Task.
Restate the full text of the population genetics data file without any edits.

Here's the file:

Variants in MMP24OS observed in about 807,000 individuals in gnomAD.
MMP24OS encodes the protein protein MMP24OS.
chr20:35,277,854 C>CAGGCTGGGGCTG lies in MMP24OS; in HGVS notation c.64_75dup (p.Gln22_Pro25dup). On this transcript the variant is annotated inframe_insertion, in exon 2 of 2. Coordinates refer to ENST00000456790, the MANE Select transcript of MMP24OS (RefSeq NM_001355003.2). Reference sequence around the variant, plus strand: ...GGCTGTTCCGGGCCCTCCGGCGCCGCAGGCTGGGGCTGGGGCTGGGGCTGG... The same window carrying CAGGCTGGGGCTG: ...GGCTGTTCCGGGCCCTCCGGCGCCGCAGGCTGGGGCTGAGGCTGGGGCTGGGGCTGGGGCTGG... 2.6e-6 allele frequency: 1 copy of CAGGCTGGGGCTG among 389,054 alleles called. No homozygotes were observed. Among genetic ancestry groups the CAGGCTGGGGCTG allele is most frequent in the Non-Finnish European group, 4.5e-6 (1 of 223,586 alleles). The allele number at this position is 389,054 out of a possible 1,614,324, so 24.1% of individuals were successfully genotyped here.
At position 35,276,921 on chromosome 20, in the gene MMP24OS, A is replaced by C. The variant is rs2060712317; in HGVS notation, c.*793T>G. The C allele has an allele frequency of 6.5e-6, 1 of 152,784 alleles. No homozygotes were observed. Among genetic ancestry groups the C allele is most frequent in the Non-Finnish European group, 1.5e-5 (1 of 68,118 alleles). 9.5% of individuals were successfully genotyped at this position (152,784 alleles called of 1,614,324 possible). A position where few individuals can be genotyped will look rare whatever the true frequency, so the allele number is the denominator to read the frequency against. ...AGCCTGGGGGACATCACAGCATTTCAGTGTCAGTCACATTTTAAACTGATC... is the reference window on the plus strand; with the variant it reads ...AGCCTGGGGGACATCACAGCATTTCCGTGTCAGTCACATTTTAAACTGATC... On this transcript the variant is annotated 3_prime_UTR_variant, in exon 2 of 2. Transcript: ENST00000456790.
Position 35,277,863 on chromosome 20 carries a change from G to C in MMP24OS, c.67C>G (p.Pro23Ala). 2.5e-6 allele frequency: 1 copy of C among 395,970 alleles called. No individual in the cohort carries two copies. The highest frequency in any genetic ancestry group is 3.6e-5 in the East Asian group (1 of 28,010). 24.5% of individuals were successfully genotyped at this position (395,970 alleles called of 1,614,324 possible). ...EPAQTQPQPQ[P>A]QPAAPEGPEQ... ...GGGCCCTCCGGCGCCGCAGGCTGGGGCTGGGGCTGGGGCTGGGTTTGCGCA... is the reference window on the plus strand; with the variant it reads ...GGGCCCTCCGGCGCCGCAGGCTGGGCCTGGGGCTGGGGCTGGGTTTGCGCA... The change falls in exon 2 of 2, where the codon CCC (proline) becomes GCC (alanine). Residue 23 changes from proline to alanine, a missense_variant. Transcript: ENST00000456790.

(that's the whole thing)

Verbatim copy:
Variants in MMP24OS observed in about 807,000 individuals in gnomAD.
MMP24OS encodes the protein protein MMP24OS.
chr20:35,277,854 C>CAGGCTGGGGCTG lies in MMP24OS; in HGVS notation c.64_75dup (p.Gln22_Pro25dup). On this transcript the variant is annotated inframe_insertion, in exon 2 of 2. Coordinates refer to ENST00000456790, the MANE Select transcript of MMP24OS (RefSeq NM_001355003.2). Reference sequence around the variant, plus strand: ...GGCTGTTCCGGGCCCTCCGGCGCCGCAGGCTGGGGCTGGGGCTGGGGCTGG... The same window carrying CAGGCTGGGGCTG: ...GGCTGTTCCGGGCCCTCCGGCGCCGCAGGCTGGGGCTGAGGCTGGGGCTGGGGCTGGGGCTGG... 2.6e-6 allele frequency: 1 copy of CAGGCTGGGGCTG among 389,054 alleles called. No homozygotes were observed. Among genetic ancestry groups the CAGGCTGGGGCTG allele is most frequent in the Non-Finnish European group, 4.5e-6 (1 of 223,586 alleles). The allele number at this position is 389,054 out of a possible 1,614,324, so 24.1% of individuals were successfully genotyped here.
At position 35,276,921 on chromosome 20, in the gene MMP24OS, A is replaced by C. The variant is rs2060712317; in HGVS notation, c.*793T>G. The C allele has an allele frequency of 6.5e-6, 1 of 152,784 alleles. No homozygotes were observed. Among genetic ancestry groups the C allele is most frequent in the Non-Finnish European group, 1.5e-5 (1 of 68,118 alleles). 9.5% of individuals were successfully genotyped at this position (152,784 alleles called of 1,614,324 possible). A position where few individuals can be genotyped will look rare whatever the true frequency, so the allele number is the denominator to read the frequency against. ...AGCCTGGGGGACATCACAGCATTTCAGTGTCAGTCACATTTTAAACTGATC... is the reference window on the plus strand; with the variant it reads ...AGCCTGGGGGACATCACAGCATTTCCGTGTCAGTCACATTTTAAACTGATC... On this transcript the variant is annotated 3_prime_UTR_variant, in exon 2 of 2. Transcript: ENST00000456790.
Position 35,277,863 on chromosome 20 carries a change from G to C in MMP24OS, c.67C>G (p.Pro23Ala). 2.5e-6 allele frequency: 1 copy of C among 395,970 alleles called. No individual in the cohort carries two copies. The highest frequency in any genetic ancestry group is 3.6e-5 in the East Asian group (1 of 28,010). 24.5% of individuals were successfully genotyped at this position (395,970 alleles called of 1,614,324 possible). ...EPAQTQPQPQ[P>A]QPAAPEGPEQ... ...GGGCCCTCCGGCGCCGCAGGCTGGGGCTGGGGCTGGGGCTGGGTTTGCGCA... is the reference window on the plus strand; with the variant it reads ...GGGCCCTCCGGCGCCGCAGGCTGGGCCTGGGGCTGGGGCTGGGTTTGCGCA... The change falls in exon 2 of 2, where the codon CCC (proline) becomes GCC (alanine). Residue 23 changes from proline to alanine, a missense_variant. Transcript: ENST00000456790.